Gender spectrum mainstreams: 46% of Americans view gender as a spectrum

December 10, 2020
  • Nearly one in five Americans say they personally know someone who identifies as non-binary.
  • 29% have felt personally limited by gender norms and stereotypes.
  • 51% of consumers say they like seeing brands explore gender bending.
  • Only 17% are aware of diversity training on gender identity and gender expression offered by their employer.

More Americans are coming to accept the gender spectrum model which includes a range of gender identities and expressions, according to new research from Mintel, the experts in what consumers want and why. Today, nearly half (46%) of Americans view gender as a spectrum rather than as a traditional binary model, rising to 53% of Generation Z (aged 13 – 25) and 68% of LGBTQ+* consumers. What’s more, nearly one in five Americans say they personally know someone who uses gender-neutral pronouns (18%), increasing to 32% of Gen Z and 35% of LGBTQ+ consumers.

The vast majority (67%) of Americans, regardless of whether they identify as transgender**, non-binary***, or cisgender****, consider their gender to be a crucial part of their identity. However, 29% of Americans have felt personally limited by gender norms and stereotypes, rising to half (49%) of LGBQT+ consumers.

While gender-based stereotypes still exist in America, 56% of Americans believe eliminating gender norms and stereotypes is good for society.

Lisa Dubina, Senior Analyst, said:

“While the majority of Americans personally identify as male or female, more people are coming to accept the gender spectrum model that supports fluid and non-binary gender identification. While gender-expansive identities remain a minority, they are most common among Gen Z and LGBTQ+ adults. The widespread awareness and acceptance among these segments indicate that this shift in the concept of gender is an enduring change rather than a fleeting fad. As the gender spectrum paradigm continues to become more mainstream, brands must understand this framework and how it impacts the gender identity and expression of all consumers.”

Gender-neutral and gender-fluid products gain widespread appeal

Mintel research highlights the growing attention and appeal for gender-neutral and gender-fluid products. Nearly a third (31%) of consumers say they like to experiment with personal care products created for different genders, rising to over half of (52%) Millennials (aged 26 and 43). Meanwhile, a quarter (24%) of Americans do not like to use products designed specifically for their gender.

Although less than two in five (37%) consumers say they would be interested in buying gender-neutral clothes for themselves, over half (53%) of parents say they would be interested in gender-neutral clothing for their children. This comes as just over half (51%) of consumers say they like – rather than dislike – seeing brands explore gender bending, a sentiment that jumps to 74% among LGBTQ+ consumers.

“Brands have an opportunity to expand upon the gender-neutral product offerings currently available. Many brands have dabbled in gender-neutral clothing lines or collections, including Banana Republic, Converse, and PacSun. However, many of these efforts tend to lean toward traditional masculine clothing items in neutral color schemes and brands continue to equate gender-neutral clothing with bland and basic ensembles. Given the growing interest in gender bending among both LGBTQ+ consumers and the general population, brands should explore genderless lines that celebrate the fluidity of gender,” adds Dubina.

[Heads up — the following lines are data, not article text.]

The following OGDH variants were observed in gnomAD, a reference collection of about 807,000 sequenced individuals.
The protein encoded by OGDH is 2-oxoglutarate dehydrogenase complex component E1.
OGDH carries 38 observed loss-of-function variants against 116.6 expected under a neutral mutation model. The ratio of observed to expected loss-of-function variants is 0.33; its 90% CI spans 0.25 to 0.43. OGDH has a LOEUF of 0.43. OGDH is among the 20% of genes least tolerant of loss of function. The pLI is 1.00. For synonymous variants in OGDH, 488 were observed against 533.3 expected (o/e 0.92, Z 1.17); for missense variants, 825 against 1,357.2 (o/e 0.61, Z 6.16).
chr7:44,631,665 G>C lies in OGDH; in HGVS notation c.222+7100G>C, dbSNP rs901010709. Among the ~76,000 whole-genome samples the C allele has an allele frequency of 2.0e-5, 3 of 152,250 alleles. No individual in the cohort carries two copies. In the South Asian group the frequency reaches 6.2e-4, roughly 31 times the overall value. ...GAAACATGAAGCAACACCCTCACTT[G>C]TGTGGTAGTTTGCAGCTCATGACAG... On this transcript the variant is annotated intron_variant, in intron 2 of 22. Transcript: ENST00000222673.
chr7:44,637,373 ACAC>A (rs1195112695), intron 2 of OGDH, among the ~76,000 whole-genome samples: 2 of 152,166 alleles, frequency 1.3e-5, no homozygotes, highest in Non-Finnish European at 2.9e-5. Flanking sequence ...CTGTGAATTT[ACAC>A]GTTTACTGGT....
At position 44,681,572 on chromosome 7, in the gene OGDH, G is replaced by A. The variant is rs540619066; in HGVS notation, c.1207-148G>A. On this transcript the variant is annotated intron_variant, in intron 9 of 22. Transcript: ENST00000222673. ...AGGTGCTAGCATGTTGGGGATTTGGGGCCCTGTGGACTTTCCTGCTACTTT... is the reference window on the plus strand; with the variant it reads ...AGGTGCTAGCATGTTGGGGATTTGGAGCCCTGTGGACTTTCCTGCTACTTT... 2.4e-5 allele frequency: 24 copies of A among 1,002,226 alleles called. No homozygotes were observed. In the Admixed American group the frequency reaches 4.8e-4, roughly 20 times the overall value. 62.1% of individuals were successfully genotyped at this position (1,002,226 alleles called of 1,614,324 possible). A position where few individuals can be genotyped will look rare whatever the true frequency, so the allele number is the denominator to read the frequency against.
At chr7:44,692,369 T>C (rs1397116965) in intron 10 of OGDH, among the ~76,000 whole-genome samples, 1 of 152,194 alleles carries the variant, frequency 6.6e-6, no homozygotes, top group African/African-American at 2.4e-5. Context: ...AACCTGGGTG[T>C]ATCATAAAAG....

Workplace training on gender-expansive identities is lacking and desired

Finally, despite the growing incidence of gender-expansive identities, it seems very few people (17%) are aware of diversity training on gender identity and gender expression offered by their employer. Mintel highlights a real need for education, as two in five (38%) Americans say they feel uncomfortable when they are not sure of someone’s gender.

Despite the general lack of formal training, gender-expansive inclusivity is not absent within all work situations, as 59% of LGBTQ+ adults say their place of work has made noticeable efforts to be more inclusive towards transgender and non-binary people. However, two in five (39%) of transgender adults admit they are not comfortable fully expressing their gender identity at work, indicating that intolerance is felt and experienced.

“The fear, discomfort, and lack of uniform practices surrounding workplace training on gender-expansive identities demonstrate that more education and training is critical. Brands would be remiss not to begin exploring the ways in which they can make their offices more knowledgeable, equipped, and inclusive when it comes to gender-expansive identities – for the betterment of their employees and company culture, but also for the relationship they build with consumers,” concludes Lisa.


*For the purposes of this research, Mintel defines LGBTQ+ as Lesbian, Gay, Bisexual, Transgender, Queer
**Transgender: An umbrella term for people whose gender identity and/or expression is different from cultural expectations based on the sex they were assigned at birth. Being transgender does not imply any specific sexual orientation. Therefore, transgender people may identify as straight, gay, lesbian, bisexual, etc.
***Non-binary: An umbrella term that refers to individuals who identify as neither man or woman, or as a combination of man or woman. Instead, non-binary people exhibit a boundless range of identities that can exist beyond a spectrum between male and female.
****Cisgender: Describes a person whose gender identity aligns with the sex assigned to them at birth.

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